The International Journal of Orientation and Mobility, established in 2008 in Sydney, is helping to shift this reticence in relation to publishing, actively encouraging contributions from local and international O&M specialists (IJOM, 2013). The establishment of a federal National Disability Insurance Scheme (NDIS) in Australia has also raised awareness in the agencies of the need for evidence that O&M intervention benefits its clients and therefore requires government funding, stimulating a fresh and welcome interest in O&M research from agency managers (Australian Government, 2013).


The professional body OMSAV made its first foray into research in 2002, when a census of the Australasian O&M profession provided data for the newly established OMSAV website. This survey sought information about vision support services in each state or country in the region, the service profile of each agency, the number of O&M personnel employed, and their qualifications (Deverell, 2002). A total of 186 formally qualified O&M personnel in Australia and New Zealand were identified, including dual-qualified dog guide instructors and O&M assistants (see Table 1). Expertise in children's O&M and in neurological O&M (for clients with acquired brain injury or cortico-spatial developmental disabilities) featured in several agencies at the time.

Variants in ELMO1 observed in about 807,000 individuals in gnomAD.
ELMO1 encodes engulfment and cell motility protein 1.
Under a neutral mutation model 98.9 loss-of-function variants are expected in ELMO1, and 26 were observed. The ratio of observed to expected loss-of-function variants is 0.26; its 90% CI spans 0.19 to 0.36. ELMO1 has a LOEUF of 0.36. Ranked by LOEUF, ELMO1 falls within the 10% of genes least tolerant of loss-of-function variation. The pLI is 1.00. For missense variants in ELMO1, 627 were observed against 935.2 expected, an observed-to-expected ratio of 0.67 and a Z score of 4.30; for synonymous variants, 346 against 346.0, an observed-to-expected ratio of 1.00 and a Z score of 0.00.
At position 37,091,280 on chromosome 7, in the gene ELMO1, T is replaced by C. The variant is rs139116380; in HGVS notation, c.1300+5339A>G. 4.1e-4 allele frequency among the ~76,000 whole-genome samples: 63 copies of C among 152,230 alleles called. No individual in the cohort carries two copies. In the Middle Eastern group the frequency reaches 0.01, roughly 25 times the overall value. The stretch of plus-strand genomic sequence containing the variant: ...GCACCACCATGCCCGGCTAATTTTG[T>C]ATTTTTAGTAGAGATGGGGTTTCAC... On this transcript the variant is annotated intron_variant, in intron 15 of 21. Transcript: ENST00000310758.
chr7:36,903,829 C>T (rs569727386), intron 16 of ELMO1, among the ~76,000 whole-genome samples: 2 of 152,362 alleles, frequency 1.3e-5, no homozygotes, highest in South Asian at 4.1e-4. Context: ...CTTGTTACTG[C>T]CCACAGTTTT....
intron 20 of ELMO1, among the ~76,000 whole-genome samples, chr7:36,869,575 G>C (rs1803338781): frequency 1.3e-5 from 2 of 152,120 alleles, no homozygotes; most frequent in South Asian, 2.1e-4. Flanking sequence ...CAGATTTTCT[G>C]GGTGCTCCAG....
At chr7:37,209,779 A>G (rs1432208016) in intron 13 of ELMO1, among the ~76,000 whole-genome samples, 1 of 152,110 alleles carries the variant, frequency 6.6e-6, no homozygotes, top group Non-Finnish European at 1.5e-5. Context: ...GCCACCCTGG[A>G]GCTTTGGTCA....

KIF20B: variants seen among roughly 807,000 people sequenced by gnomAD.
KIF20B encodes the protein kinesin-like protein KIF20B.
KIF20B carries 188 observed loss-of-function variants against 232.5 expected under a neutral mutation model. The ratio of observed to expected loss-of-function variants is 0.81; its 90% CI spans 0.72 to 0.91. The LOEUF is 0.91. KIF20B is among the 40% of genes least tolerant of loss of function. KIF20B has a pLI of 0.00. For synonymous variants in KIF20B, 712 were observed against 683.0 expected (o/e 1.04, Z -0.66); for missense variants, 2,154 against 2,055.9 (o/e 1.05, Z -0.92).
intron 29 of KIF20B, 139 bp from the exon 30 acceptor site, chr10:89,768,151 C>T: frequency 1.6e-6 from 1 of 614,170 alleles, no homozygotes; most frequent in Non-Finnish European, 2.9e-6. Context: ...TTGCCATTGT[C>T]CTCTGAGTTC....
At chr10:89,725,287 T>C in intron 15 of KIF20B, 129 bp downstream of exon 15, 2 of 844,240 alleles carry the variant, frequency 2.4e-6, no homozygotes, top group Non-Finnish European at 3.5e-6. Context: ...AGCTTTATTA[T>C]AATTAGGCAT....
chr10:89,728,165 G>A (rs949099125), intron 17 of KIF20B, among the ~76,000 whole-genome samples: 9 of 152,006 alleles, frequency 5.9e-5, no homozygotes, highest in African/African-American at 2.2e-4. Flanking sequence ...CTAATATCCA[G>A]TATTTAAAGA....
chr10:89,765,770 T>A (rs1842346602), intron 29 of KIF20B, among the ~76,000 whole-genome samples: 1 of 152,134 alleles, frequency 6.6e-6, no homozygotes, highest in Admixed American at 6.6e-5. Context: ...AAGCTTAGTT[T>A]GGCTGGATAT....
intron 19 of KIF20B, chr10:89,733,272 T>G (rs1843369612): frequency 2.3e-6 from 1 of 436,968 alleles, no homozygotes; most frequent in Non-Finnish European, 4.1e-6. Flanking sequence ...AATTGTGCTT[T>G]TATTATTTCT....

In 2011, updated information on the O&M profession was sought from employers in Australia and New Zealand.